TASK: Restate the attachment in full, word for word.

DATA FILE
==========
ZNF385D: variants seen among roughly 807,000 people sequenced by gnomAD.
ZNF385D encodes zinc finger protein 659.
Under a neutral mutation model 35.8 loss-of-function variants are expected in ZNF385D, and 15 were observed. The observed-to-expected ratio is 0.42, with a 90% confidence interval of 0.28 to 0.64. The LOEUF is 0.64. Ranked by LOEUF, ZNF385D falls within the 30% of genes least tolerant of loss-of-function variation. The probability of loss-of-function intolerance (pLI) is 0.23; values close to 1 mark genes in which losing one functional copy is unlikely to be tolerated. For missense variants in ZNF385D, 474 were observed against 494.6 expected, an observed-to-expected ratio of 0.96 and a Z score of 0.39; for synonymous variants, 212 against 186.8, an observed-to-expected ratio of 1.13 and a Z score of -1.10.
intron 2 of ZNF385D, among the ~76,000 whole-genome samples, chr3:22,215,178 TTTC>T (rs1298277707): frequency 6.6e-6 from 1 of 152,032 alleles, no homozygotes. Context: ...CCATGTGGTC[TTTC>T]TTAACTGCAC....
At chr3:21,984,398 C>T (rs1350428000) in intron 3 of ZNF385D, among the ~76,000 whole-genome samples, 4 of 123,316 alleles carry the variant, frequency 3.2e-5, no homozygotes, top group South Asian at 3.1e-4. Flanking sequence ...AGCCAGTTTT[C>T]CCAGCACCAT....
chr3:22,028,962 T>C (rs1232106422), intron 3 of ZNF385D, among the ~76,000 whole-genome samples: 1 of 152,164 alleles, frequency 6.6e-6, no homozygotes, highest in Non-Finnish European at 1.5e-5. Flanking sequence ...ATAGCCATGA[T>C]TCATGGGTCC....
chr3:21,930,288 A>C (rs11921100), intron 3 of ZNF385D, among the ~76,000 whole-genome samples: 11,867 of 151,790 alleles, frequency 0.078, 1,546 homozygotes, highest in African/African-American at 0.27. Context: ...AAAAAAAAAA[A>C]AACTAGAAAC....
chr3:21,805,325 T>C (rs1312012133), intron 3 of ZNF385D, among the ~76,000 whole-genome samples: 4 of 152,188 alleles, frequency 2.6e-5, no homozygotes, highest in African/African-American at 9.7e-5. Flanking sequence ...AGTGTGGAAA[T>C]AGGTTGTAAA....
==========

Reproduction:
ZNF385D: variants seen among roughly 807,000 people sequenced by gnomAD.
ZNF385D encodes zinc finger protein 659.
Under a neutral mutation model 35.8 loss-of-function variants are expected in ZNF385D, and 15 were observed. The observed-to-expected ratio is 0.42, with a 90% confidence interval of 0.28 to 0.64. The LOEUF is 0.64. Ranked by LOEUF, ZNF385D falls within the 30% of genes least tolerant of loss-of-function variation. The probability of loss-of-function intolerance (pLI) is 0.23; values close to 1 mark genes in which losing one functional copy is unlikely to be tolerated. For missense variants in ZNF385D, 474 were observed against 494.6 expected, an observed-to-expected ratio of 0.96 and a Z score of 0.39; for synonymous variants, 212 against 186.8, an observed-to-expected ratio of 1.13 and a Z score of -1.10.
intron 2 of ZNF385D, among the ~76,000 whole-genome samples, chr3:22,215,178 TTTC>T (rs1298277707): frequency 6.6e-6 from 1 of 152,032 alleles, no homozygotes. Context: ...CCATGTGGTC[TTTC>T]TTAACTGCAC....
At chr3:21,984,398 C>T (rs1350428000) in intron 3 of ZNF385D, among the ~76,000 whole-genome samples, 4 of 123,316 alleles carry the variant, frequency 3.2e-5, no homozygotes, top group South Asian at 3.1e-4. Flanking sequence ...AGCCAGTTTT[C>T]CCAGCACCAT....
chr3:22,028,962 T>C (rs1232106422), intron 3 of ZNF385D, among the ~76,000 whole-genome samples: 1 of 152,164 alleles, frequency 6.6e-6, no homozygotes, highest in Non-Finnish European at 1.5e-5. Flanking sequence ...ATAGCCATGA[T>C]TCATGGGTCC....
chr3:21,930,288 A>C (rs11921100), intron 3 of ZNF385D, among the ~76,000 whole-genome samples: 11,867 of 151,790 alleles, frequency 0.078, 1,546 homozygotes, highest in African/African-American at 0.27. Context: ...AAAAAAAAAA[A>C]AACTAGAAAC....
chr3:21,805,325 T>C (rs1312012133), intron 3 of ZNF385D, among the ~76,000 whole-genome samples: 4 of 152,188 alleles, frequency 2.6e-5, no homozygotes, highest in African/African-American at 9.7e-5. Flanking sequence ...AGTGTGGAAA[T>C]AGGTTGTAAA....